The president’s serious priority-setting can only really begin once he addresses those emergencies – and it won’t be easy. The stimulus measures can be the first steps toward meeting his pledge to help build a more energy-efficient and climate-friendly economy. And since he will have to choose, the rest of that agenda should probably take lower priority than health care reform. One reason is that while the recession will cut energy prices and energy use with no help from Washington, for at least a time, it will only worsen out health care problems. The recession will further increase the numbers of people without coverage, perhaps by millions, without making a dent in the steady, sharp increases in health care costs that will continue to cut into jobs and wages. And any further delay will only make it all worse. It’s time to carry out his plans to make coverage much more nearly universal, and tie those extensions to a hard-nosed program of cost controls that will require hospitals and clinics to adopt the best practices of the country’s most cost efficient medical centers.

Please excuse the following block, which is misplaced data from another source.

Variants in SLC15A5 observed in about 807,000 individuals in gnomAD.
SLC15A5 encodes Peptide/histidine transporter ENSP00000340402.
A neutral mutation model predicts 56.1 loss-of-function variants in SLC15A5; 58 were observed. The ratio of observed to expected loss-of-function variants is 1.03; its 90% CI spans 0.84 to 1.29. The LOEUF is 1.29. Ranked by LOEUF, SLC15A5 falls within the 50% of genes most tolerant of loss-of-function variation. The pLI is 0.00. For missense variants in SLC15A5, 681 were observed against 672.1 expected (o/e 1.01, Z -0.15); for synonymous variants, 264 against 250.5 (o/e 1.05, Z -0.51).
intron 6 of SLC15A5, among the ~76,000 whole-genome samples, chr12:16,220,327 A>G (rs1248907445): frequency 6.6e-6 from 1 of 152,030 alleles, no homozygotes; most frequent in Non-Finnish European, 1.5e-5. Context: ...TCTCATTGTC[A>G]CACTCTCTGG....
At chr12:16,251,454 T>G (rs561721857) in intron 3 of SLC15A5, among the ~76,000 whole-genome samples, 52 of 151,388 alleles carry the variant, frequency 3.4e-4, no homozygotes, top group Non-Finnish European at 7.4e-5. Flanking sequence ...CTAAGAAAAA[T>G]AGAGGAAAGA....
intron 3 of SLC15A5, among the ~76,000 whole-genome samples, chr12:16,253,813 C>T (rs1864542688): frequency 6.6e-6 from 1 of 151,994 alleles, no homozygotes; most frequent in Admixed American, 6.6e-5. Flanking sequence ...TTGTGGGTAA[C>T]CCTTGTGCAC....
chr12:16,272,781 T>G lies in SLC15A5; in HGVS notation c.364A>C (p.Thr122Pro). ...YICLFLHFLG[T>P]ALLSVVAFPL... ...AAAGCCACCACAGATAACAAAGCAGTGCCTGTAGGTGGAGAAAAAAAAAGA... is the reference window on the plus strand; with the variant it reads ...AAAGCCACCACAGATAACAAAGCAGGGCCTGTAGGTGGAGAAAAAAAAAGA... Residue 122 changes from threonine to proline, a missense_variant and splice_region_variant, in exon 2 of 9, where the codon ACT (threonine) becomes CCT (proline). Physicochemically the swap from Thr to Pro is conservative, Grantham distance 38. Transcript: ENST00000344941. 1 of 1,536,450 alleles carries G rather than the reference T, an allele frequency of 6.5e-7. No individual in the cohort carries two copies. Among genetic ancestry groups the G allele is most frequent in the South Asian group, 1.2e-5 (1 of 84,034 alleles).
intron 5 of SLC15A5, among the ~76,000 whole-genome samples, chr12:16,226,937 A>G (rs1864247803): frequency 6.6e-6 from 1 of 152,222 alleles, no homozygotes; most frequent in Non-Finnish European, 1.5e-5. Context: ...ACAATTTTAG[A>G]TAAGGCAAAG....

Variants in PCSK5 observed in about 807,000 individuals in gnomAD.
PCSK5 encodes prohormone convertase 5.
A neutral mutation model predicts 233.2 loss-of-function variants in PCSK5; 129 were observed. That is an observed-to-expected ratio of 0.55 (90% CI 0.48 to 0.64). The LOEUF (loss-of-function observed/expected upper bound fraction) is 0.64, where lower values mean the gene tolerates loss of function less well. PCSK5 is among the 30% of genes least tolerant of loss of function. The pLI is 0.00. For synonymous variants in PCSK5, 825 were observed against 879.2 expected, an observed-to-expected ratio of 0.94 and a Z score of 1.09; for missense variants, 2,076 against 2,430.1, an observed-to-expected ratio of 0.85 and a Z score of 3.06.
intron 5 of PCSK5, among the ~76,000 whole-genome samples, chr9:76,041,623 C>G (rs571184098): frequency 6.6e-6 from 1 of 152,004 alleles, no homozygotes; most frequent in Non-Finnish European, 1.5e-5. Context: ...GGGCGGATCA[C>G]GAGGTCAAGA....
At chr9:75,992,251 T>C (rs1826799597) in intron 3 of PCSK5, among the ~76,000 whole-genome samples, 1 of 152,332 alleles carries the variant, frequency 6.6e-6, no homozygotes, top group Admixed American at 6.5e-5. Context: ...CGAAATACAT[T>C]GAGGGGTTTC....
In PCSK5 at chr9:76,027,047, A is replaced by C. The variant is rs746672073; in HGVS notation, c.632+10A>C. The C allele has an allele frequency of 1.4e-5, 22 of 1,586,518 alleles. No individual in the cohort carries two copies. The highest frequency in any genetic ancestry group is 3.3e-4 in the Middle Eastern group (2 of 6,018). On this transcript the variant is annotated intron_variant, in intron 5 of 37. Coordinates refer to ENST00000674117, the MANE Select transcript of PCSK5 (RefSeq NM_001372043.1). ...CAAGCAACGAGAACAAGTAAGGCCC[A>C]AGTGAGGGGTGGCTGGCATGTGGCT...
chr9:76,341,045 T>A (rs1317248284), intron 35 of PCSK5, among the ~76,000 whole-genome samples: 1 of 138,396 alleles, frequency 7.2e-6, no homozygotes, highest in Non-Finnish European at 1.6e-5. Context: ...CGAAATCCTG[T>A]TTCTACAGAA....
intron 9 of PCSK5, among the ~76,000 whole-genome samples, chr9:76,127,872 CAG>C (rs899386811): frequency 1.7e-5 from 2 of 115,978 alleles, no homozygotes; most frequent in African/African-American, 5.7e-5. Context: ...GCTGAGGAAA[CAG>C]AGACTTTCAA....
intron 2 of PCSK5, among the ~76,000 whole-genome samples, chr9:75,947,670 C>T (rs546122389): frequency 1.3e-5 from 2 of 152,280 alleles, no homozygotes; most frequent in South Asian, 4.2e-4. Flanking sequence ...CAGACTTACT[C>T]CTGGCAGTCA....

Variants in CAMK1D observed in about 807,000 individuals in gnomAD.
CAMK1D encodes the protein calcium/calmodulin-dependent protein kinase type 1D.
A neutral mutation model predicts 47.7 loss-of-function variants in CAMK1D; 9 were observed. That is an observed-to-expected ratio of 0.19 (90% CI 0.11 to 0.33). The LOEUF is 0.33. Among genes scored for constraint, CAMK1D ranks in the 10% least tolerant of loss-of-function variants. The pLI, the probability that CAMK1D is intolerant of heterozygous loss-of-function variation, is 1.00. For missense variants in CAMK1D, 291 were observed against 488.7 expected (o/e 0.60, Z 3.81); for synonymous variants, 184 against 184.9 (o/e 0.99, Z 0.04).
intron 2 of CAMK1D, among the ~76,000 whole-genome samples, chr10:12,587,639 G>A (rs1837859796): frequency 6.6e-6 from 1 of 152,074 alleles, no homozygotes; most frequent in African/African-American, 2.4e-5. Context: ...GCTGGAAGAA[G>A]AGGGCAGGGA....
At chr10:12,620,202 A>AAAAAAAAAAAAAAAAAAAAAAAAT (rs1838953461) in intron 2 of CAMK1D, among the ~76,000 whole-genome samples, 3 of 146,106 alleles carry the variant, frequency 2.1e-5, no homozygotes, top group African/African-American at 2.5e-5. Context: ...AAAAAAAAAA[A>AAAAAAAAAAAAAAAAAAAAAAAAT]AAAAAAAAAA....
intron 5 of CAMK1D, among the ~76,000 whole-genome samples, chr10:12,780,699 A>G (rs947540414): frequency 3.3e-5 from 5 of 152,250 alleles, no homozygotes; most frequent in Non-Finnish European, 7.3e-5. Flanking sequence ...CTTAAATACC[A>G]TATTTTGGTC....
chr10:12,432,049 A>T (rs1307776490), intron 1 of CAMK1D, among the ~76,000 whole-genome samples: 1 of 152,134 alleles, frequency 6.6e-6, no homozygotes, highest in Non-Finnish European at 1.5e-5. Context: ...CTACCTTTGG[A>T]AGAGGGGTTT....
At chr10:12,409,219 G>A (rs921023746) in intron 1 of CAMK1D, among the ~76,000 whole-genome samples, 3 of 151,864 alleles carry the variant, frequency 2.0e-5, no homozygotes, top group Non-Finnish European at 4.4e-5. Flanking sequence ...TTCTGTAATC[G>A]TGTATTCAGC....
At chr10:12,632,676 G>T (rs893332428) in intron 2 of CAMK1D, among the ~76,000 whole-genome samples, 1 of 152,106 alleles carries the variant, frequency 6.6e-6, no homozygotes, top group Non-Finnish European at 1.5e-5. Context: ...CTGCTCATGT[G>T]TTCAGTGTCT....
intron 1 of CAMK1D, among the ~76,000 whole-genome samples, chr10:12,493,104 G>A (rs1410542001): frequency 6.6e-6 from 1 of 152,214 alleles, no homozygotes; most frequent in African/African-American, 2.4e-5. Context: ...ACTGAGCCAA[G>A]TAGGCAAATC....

This will leave President Obama with plenty to tackle in the second half of his term. That can be the time to take further steps to help make America more climate friendly and energy efficient. It also has to be the time to build on the cost-control lessons from health care reform and finally address the serious and treacherous business of reforming Medicare and other entitlement spending for tens of millions of Baby Boomers.

And if President Obama can make real progress in these priority areas over his first term, it will almost certainly earn him an even bigger national landslide for a second term. 

Federal Government May Actually Keep People In Their Homes

From recent action on Capitol Hill, it looks as though the federal government may ultimately take action to keep people in their homes. As Sam mentioned in his daily round-up (a relatively new NDN product that has become a must read in the mornings), FDIC Chariman Sheila Bair’s testimony to the Senate Banking Committee yesterday was well-received, and details of the plan are expected in weeks.

From the New York Times:

With foreclosures mounting, Bush administration officials said Thursday that they were preparing to step up efforts to help struggling homeowners.
A senior policy maker told a Senate committee that the administration was working on a plan under which the government would offer to shoulder some of the losses on loans that are modified.

The insurance program could cost tens of billions of dollars, according to a person briefed on discussions about the plan, and would be run by the Treasury Department under the $700 billion financial rescue bill Congress passed earlier this month.